The short-handed Golden State Warriors fell in dramatic and depressing fashion on Wednesday night, losing 124-123 to the Utah Jazz after a turnover paved the way for a game-winning dunk just before the final buzzer. Here are three key reactions to the short-handed Warriors’ horrible yet overall encouraging defeat.

Horrible loss, encouraging performance

The Warriors trailed 98-86 late in the third quarter, victim to red-hot Jazz three-point shooting. They were down nine points with 7:37 left, absent their three best players on the road against a team that entered Wednesday’s game 8-4 at home, owning a distinct advantage in altitude of the Wasatch Mountains.

But Golden State clawed back to steal a victory regardless, fighting hard from the opening tip and out-playing Utah for the first few minutes of crunch time. The Warriors led 123-119 after Jordan Poole split two free throws with 13.3 seconds remaining on the game clock, seemingly en route to a feel-good win in the truest sense of the term before Saturday’s clash at Chase Center with the league-leading Boston Celtics.

That’s what matters more than anything else—how Golden State got to a two-possession lead in Salt Lake City at a point of the game that should’ve meant it was over.

Nickeil Alexander-Walker’s swipe-down steal of Jordan Poole with the Warriors nursing a 123-122 lead and Simone Fontecchio’s game-winning dunk with one second left focuses too much on the result of a contest everyone expected the Warriors to lose. Golden State’s process on Wednesday was encouraging from the outset, and several players—including Donte DiVincenzo, Anthony Lamb and Moses Moody, though the latter just in flashes—put together standout individual performances that suggest very good things to come when this team is a full-strength.

The Warriors’ loss to Utah shouldn’t have happened, and could absolutely affect them come time for playoff seeding. Zoom out further, though. Golden State’s effort was by far its best of the season without Stephen Curry, Draymond Green and Andrew Wiggins, the type that portends team-wide improvement over the season’s remainder.

Peak (for now) Jonathan Kuminga

Jonathan Kuminga’s early-season turnaround began with a zero-shot, zero-point performance in a well-earned home win over the Utah Jazz. Just under two weeks later, moonlighting as a primary option, Kuminga showed the Jazz a much different side of his game—and Dub Nation just how impactful he can be at his current peak.

Kuminga was easily the Warriors’ best player against Utah, showing off the ability to both thrive in his current role and dream bigger about his next one.

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He finished with 24 points and four assists on 10-of-14 shooting, bullying his way to the rim for high-flying finishes, beating overmatched defenders in schemed isolations and making an impact in transition. Kuminga went 1-of-3 from beyond the arc, evidence of him playing within his current skill set and Golden State’s system. He was just as good on the other end, stymying both Jordan Clarkson and Kelly Olynyk one-one-one in the clutch while making sound help rotations and doing dirty work on the glass all game long.

Kuminga, obviously, isn’t ready to be a star. Few 20-year-olds are. But he can certainly “star” in his supporting role with the defending champions like he did on Wednesday, even when Curry, Green and Wiggins return.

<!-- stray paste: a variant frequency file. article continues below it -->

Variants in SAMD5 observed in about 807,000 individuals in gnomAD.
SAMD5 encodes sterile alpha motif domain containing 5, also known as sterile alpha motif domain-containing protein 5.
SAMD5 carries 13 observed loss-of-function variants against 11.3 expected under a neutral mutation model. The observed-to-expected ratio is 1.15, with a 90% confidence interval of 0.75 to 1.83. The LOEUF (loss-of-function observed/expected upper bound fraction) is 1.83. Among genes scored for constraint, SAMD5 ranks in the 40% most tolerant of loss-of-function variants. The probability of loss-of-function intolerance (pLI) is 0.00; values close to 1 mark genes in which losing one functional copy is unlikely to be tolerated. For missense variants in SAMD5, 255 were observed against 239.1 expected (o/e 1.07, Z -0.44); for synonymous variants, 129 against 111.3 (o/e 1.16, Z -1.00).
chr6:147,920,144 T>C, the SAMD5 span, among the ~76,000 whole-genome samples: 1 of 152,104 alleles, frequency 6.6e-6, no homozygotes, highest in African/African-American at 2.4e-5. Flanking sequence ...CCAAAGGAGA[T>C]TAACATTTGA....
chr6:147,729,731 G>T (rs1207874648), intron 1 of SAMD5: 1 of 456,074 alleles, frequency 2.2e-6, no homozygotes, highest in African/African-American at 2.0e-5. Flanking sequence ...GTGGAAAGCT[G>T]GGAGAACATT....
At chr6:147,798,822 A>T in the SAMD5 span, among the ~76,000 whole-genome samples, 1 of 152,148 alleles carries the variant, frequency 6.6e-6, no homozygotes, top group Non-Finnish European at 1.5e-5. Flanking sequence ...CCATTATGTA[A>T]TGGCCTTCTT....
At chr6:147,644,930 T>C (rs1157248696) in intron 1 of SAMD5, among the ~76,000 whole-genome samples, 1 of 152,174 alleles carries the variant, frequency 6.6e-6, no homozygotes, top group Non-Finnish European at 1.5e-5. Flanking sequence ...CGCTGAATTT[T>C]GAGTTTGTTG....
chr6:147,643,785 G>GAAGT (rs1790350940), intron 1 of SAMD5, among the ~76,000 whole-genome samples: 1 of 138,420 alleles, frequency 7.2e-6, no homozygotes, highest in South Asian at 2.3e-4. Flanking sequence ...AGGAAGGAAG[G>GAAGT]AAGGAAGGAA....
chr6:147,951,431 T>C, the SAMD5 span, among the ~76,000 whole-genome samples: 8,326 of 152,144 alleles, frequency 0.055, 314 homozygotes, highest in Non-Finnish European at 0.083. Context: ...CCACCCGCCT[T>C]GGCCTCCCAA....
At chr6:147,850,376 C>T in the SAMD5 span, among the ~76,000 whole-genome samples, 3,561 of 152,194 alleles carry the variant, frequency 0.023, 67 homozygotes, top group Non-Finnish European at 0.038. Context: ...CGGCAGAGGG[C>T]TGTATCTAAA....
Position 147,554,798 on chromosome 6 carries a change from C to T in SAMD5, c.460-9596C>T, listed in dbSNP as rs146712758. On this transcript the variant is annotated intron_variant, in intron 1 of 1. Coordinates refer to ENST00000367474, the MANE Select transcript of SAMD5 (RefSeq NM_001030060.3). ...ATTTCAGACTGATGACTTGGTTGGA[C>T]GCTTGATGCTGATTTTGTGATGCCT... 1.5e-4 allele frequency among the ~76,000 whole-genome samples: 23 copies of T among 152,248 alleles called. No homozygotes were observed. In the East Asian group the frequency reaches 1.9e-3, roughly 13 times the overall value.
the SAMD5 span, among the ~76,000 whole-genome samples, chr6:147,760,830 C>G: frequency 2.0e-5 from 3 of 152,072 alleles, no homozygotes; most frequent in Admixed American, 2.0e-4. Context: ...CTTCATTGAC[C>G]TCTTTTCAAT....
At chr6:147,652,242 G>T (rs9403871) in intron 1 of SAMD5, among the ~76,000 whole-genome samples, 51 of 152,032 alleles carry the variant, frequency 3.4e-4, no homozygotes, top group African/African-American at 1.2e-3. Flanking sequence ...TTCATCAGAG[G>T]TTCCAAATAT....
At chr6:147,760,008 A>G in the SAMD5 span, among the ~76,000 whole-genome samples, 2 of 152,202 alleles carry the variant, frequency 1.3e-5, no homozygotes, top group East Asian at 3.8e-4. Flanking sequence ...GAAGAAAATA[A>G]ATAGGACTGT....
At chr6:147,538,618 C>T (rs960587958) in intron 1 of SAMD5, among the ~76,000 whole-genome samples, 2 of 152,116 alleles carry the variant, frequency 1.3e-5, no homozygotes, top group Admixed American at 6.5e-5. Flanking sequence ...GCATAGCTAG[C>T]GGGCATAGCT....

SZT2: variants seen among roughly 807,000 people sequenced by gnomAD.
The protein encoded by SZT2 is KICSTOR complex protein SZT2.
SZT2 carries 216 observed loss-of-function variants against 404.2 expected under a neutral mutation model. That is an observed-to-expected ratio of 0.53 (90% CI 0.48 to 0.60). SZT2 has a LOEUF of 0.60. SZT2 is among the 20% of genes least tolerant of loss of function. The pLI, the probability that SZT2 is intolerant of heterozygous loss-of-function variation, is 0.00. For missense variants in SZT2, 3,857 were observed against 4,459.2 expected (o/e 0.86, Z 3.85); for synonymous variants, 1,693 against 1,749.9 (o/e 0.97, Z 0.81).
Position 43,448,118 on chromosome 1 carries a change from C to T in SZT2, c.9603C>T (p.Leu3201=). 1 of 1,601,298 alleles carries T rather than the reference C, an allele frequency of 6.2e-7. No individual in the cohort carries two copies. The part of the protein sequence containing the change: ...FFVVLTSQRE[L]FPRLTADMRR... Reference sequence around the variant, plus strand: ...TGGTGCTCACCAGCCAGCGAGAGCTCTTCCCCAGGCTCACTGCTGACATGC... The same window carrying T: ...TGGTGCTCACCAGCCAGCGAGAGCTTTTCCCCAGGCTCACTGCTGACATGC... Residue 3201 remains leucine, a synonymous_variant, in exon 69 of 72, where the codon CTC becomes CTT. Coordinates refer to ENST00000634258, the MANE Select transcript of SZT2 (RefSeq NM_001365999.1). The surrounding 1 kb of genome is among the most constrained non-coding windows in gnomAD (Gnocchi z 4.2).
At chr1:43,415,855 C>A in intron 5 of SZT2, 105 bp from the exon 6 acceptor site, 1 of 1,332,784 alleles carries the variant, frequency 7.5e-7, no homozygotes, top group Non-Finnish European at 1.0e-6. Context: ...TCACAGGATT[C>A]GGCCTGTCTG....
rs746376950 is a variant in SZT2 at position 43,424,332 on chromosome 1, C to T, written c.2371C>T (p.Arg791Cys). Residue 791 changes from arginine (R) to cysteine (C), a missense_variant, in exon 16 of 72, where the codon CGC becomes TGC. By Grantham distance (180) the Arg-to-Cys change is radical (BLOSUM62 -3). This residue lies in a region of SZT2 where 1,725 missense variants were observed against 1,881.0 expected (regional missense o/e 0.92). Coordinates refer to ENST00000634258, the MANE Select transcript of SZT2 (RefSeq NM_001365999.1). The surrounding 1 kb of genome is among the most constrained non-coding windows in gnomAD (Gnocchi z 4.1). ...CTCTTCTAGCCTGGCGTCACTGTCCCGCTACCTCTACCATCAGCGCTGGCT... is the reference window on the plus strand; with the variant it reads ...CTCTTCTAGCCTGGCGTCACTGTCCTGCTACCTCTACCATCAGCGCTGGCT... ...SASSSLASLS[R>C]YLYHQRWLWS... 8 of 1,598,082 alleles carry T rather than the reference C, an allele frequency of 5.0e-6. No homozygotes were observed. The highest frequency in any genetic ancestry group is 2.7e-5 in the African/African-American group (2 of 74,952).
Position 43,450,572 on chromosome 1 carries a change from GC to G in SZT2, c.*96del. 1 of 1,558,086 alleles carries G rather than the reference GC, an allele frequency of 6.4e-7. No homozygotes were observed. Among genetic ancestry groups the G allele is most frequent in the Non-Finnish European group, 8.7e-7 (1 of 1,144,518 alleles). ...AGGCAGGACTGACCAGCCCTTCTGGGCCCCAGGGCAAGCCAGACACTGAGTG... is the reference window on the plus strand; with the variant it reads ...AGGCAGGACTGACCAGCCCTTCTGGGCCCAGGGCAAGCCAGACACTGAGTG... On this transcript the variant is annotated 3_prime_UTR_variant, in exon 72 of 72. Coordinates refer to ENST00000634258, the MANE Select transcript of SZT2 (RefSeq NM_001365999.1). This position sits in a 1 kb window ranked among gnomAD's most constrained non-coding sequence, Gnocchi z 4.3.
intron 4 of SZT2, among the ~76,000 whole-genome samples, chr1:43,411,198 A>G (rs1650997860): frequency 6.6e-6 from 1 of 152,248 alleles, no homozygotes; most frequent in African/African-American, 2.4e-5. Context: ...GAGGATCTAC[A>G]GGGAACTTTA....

There was nothing in Kuminga’s performance against the Jazz that can’t be duplicated. His overall play, believe it or not, is even more encouraging than the Warriors’ giveaway of a loss is disappointing.

Jordan Poole’s slump is over

Forget Poole’s awful last-second turnover. He still needs to tighten his handle and be stronger with the ball, but that was the case well before Alexander-Walker’s perfect strip of the ball at the perfect time. Large as it may loom in the standings by season’s end, that possession won’t change the trajectory of Golden State’s season.

What will? Poole clearly having broken out of his early-season rut. He dropped 36 points, four rebounds and eight assists on the Jazz, unleashed as the Warriors’ alpha dog. He’s been awesome as a starter all season long, but it was easy to assume Poole might struggle on Wednesday given the lack of overall talent surrounding him—just as he did as leader of Golden State’s second unit before his playmaking burdens were eased.

But he looked plenty comfortable playing undisputed alpha dog against Utah, getting wherever he wanted off the dribble, hitting an array of crazy-difficult pull-up jumpers and deep floaters while generally not monopolizing the ball. Poole went 12-of-13 from the free throw line, indicative of his concerted effort to crease the paint. He’d have reached 40 points easily if not for 4-of-13 three-point shooting in an otherwise impressive shot-making performance.

Poole is averaging 23.1 points and 5.6 assists in his last seven games, with a gaudy true shooting percentage of 63.3. It’s also clear that recent stretch isn’t the product of an unsustainable hot hand; Poole is shooting a slightly above-average 36.9% from three over that timeframe, right in line with expectations.

The Warriors weren’t going anywhere this season unless Poole was the dynamic offensive presence he was during a breakout 2021-22. He’s slowly but surely reached that level of late, with still more room to get better.